“We are challenged to show that the Apostles baptized iufants. Had we a detailed enumeration of their ministerial acts, the challenge would be reasonable; but the book styled their Acts contains only some of the chief facts which marked the origin, and proved the divine authority of the Christian church. Yet even there it is said that Lydia 'was baptized and her household,' and the jailor *was baptized and presently all his family;' and St. Paul testifies that he 'baptized also the household of Stephanas.' It cannot indeed be proved that infants were in these families; but the presumption is that there were, and the general expressions naturally lead us to consider the baptism of all the children as following the conversion of the parent."
Our resolute champion for the infant rite, in his self-respect and candor, is, it appears, in the end of his enumeration o` households baptized, constrained to give up his own argument deduced from them, and to acknowledge that an infant cannot be found in any one of them. So these, too, are abandoned, and his dernier resort is to tradition-ecclesiastic tradition. He, of course, desires to find in the first century or second century some case that would favor the idea. Beginning with Justin Martyr, who flourished about the middle of it, and then proceeding to Irenæus, who flourished at the end of it, he cannot find a clear allusion to it, much less a positive proof of it; for infant baptism is not so much as named in any fragment of ancient tradition during the first and second centuries. No living man can find any allusion to it, or account of it, till in the third century, and even then there is little certain and less indicative that it had obtained in the Christian church so called.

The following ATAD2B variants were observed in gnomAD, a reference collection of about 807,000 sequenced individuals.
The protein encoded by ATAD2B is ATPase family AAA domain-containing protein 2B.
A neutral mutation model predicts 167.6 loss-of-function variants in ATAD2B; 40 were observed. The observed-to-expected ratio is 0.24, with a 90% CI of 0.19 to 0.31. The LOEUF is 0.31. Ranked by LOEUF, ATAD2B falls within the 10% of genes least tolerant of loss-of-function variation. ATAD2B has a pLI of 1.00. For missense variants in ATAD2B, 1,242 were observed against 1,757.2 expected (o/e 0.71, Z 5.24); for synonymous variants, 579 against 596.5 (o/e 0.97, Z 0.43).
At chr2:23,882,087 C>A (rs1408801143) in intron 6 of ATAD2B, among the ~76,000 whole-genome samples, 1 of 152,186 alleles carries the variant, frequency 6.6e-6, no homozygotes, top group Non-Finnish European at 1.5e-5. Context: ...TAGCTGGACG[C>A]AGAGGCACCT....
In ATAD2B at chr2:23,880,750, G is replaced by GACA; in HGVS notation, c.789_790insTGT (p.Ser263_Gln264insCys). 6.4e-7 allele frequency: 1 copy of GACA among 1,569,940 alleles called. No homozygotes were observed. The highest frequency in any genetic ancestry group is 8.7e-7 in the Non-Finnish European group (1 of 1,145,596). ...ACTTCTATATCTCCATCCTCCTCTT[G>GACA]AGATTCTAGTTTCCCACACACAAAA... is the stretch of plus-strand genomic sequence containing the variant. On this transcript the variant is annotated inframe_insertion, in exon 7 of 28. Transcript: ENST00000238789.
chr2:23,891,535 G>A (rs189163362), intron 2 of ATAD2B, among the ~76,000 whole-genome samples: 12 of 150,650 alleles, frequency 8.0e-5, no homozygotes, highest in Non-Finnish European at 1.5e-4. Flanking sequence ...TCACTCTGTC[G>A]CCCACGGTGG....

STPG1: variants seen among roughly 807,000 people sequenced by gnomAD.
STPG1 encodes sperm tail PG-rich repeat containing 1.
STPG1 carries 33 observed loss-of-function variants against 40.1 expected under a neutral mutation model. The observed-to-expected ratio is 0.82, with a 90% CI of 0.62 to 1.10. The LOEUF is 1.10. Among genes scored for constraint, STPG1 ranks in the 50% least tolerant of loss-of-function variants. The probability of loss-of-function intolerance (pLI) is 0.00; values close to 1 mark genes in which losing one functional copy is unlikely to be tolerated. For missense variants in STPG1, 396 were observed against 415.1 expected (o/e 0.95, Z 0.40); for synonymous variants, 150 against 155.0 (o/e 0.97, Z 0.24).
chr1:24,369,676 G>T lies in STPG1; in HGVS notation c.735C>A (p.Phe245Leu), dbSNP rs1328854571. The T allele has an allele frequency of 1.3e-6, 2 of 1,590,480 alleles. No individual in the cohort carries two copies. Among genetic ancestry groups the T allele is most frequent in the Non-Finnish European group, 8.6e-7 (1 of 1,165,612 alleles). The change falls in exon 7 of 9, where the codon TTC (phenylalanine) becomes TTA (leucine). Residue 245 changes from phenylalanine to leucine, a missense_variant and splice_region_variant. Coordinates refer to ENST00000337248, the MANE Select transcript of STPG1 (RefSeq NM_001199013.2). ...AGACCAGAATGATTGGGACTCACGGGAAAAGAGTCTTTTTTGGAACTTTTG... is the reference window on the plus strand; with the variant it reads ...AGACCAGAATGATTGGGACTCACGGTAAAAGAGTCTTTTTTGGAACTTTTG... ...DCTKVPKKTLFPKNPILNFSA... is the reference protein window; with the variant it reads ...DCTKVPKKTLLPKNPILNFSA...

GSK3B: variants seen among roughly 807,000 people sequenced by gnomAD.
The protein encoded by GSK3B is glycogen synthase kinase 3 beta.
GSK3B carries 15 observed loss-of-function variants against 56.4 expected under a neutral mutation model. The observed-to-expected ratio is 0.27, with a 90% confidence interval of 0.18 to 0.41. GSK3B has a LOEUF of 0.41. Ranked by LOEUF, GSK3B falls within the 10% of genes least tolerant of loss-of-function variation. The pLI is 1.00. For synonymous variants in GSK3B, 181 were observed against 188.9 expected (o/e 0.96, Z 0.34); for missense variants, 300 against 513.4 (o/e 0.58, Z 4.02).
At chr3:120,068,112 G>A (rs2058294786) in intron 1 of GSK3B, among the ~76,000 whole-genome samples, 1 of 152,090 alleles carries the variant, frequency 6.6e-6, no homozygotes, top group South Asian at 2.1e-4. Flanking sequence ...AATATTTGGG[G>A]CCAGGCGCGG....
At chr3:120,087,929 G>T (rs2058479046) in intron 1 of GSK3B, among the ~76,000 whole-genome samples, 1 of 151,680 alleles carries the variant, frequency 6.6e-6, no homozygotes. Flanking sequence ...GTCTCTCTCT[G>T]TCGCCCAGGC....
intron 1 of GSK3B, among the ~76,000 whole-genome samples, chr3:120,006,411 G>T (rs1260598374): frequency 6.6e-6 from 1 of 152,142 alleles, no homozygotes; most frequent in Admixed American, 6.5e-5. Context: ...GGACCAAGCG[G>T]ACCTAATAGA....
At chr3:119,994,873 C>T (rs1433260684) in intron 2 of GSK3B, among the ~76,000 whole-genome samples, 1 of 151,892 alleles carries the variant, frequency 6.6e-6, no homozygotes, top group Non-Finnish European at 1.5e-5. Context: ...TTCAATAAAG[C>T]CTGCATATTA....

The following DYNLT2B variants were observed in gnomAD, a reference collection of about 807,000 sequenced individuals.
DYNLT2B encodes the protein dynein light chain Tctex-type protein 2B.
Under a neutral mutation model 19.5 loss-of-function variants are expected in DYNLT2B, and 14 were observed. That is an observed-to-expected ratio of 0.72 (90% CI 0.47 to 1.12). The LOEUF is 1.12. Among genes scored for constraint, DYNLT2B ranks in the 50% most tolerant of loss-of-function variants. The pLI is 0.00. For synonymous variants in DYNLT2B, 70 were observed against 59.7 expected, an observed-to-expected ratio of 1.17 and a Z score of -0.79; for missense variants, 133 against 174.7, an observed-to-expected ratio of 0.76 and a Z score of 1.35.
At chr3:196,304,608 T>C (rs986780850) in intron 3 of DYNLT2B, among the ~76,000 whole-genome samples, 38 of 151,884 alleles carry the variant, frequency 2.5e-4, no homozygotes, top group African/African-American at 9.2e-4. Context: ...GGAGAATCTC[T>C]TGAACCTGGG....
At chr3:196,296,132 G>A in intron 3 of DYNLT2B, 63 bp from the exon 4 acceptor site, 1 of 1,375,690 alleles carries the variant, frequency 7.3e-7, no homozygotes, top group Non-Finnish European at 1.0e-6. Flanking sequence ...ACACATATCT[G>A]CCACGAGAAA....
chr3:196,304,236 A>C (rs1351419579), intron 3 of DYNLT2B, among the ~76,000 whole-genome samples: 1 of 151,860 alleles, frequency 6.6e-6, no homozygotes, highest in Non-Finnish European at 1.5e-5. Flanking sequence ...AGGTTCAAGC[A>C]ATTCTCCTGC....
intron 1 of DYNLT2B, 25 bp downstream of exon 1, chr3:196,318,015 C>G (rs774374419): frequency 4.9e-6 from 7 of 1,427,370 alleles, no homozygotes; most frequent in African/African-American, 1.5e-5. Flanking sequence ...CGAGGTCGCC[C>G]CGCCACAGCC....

Positive ordinances demand positive proof as certain as divine ordinances require the proof of divine authority. But neither he nor any other man can, from the oracles of God, or from ecclesias. tical history, produce any direct positive proof, human or divine, for infant baptism during the first two hundred years of the Christian age. We shall hear the Prelate on this subject, and then lay him on our shelf protempore:
“The ancient practice of baptizing infants, of which the origin at any period subsequent to the apostolic age, cannot be pointed out, is the strongest presumptive evidence of their practice.
“St. Justin the Martyr speaks of many persons of both sexes, sixty or seventy years old, who from childhood had been devoted to Christ, and persevered in virginity unto that age.' Although the terms employed do not express their baptism in infancy, they certainly afford ground for believing it, for their early instruction in the doctrines of Christ, and their enrolment among his disciples, are easily understood on this hypothesis."
No positive or decisive evidence, but air-built, conjectural, and far-fetched speculations as yet appear; and doubtless if any man could find any thing better, a Roman Bishop might rationally be expected to have it in his possession. Meantime, we are at present engaged with the Bible evidence and arguments deducible from the Christian Scriptures; and having found, in the judgment of tlie Bishop, "no positive or satisfactory proof," nothing "thoroughly conclusive," either in circumcision, the commission, or in household baptism-nothing in the form of precept, example, or precedent in any portion of the canonical scriptures, we shall next hear one of his neighbors,